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Mixing it up with C and assembler with METALC..

July 27, 2013 4 comments

A few months ago I posted this sample C code to reverse a character string:

// Reverse a string

#include <iostream>
#include <string.h>

using namespace std;

char * reverse( char * p) {
    char * e;
    char * s;                // Copy ptr because I am going to mess with it
    int l = strlen(p);
    s=p;                     // first char ptr
    e = p+l-1;               // last char ptr

    char * m;                // mid point of the string
    m=s+l/2;                 // set it (int arith drops remainder if odd length

    for (;s<m;s++) {         // just need to traverse half the string
        s[0]=s[0]^e[0];      // swap curr leading and current last byte
        e[0]=e[0]^s[0];      // using xor
        s[0]=s[0]^e[0];
        e--;                 // back up 1 from end
        }
    return p;                // return same string back to caller

    }

int main()
{
   char c[21]="12345";             // String to reverse
   cout << reverse(c)<<'\n';       // reverse and print result
   cout << c;                      // orig string also reversed
   reverse(c);                     // reverse in place
   cout <<'\n'<<c;                 // show it is reversed

   return 0;
}

Pretty standard loop driven stuff and ‘adequate’ shall we say.

One of my ‘to do’ items this year is to go through the POP (principles of operation) manual and update my knowledge of a lot of the new instructions in there as it’s been forever since I last did that. Anyway, one of the instructions I came across was MVCIN or Move Inverse. This is a bit like MVC (Move Characters) except that it reverses the string as it moves it. Cool, except that we are in C and that is an assembler instruction and it’s a lot of extra work to write a sub routine you could call from a C program to do that.

But wait, there’s more (otherwise this would be a pointless post!)…

On the z/OS mainframe, the run time environment for C (and other programming languages like Cobol and PL/I) is normally provided by Language Environment (LE). BUT! If you use the C compiler option METALC, you can compile C code that has NO LE dependency. It is completely stand alone. Not only that but you can embed small snippets of ASSEMBLER code directly into your C source code and it compiles just like part of the regular program.

What this means is that I can replace that ugly for loop in the code above with a SINGLE instruction that will do the same thing, and do it far more efficiently than that loop will.

Now bear in mind I have not tried this code yet so it may need some tweaking but this is what I have so far:

// Reverse a string

#include <iostream>
#include <string.h>

using namespace std;

char * reverse( char * in) {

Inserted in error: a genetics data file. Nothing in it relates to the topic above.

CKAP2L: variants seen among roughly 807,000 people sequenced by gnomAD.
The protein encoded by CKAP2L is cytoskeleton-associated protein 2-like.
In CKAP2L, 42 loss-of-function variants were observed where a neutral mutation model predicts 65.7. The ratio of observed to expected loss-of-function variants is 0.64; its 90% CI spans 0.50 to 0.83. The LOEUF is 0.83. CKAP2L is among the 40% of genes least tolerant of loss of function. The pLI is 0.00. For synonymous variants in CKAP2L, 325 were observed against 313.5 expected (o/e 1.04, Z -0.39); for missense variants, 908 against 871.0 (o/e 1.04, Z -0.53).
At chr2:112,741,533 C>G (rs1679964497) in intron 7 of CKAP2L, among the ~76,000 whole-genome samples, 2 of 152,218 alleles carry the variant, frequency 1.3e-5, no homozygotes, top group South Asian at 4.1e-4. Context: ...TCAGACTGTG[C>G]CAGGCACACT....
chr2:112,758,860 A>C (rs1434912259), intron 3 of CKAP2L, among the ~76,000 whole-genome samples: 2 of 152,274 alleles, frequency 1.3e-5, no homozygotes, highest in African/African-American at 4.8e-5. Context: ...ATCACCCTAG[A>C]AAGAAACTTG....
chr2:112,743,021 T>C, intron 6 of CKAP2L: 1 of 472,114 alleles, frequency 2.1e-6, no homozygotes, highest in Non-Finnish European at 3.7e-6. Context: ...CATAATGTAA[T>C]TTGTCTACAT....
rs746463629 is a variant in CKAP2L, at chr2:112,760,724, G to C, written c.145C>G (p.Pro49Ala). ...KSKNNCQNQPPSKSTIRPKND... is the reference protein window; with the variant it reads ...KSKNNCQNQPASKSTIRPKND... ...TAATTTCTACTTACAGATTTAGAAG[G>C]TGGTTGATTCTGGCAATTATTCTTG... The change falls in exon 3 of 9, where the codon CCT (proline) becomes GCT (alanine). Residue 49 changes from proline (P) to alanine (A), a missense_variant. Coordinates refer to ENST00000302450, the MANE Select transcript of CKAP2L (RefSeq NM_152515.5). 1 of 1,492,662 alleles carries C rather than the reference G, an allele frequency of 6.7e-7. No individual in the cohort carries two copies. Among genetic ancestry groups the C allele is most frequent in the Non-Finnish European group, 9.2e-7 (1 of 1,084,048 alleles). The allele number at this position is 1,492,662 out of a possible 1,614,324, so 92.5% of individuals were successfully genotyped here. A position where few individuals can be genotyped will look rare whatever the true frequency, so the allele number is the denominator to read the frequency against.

int l = strlen(in);
    char * work;
    work = new char[l];         // get a temp work area 

    __asm (     
      "    MVCIN %0(%1),0(%2)      \n"  
      :"=m"(work) : r(l), "m"(in[l-1])                         
    );   

    memcpy(in,work,l);       // copy reversed string in work to orig input area
    delete [] work;          // release work area

    return in;               // return same string back to caller

}                                        

    }

int main()
{
   char c[21]="12345";             // String to reverse
   cout << reverse(c)<<'\n';       // reverse and print result
   cout << c;                      // orig string also reversed
   reverse(c);                     // reverse in place
   cout <<'\n'<<c;                 // show it is reversed

   return 0;
}

I have to allocate a work area to receive the reversed string since you cannot overlay the source with the output so the question becomes, is the cost (in CPU time) of allocating that work area and releasing it greater than the saving incurred by switching to a hardware instruction to do the reverse. You could however get around that to some extent by requiring the caller to provide the work area.

The only other downside is that this instruction is limited to 256 character strings so for anything longer you would have to implement some sort of loop but even so, the fact that you could reverse the string in 256 byte chunks must have some performance improvement implications.

In case you are wondering, the %0, %1 and %2 represent the positional parameters below the instruction. The fields after the first colon are output fields and the fields after the second colon are input parameters.

The parameter (“=m”(work) after the first colon tells the compiler this is an output field, it will be modified by the code and that it is a memory reference.

The two parameters (r(1) and “m”(in[l-1]) are input parameters. r(1) means this should be a register and the second memory reference (the source string) is a memory reference. It has to be the address of the LAST character of the source string, not the first, hence the [l-1] after the field name.

As soon as I get a chance I’ll try compiling this and seeing it it actually works. Look for another update soon!

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Categories: Coding, Mainframe Tags: , ,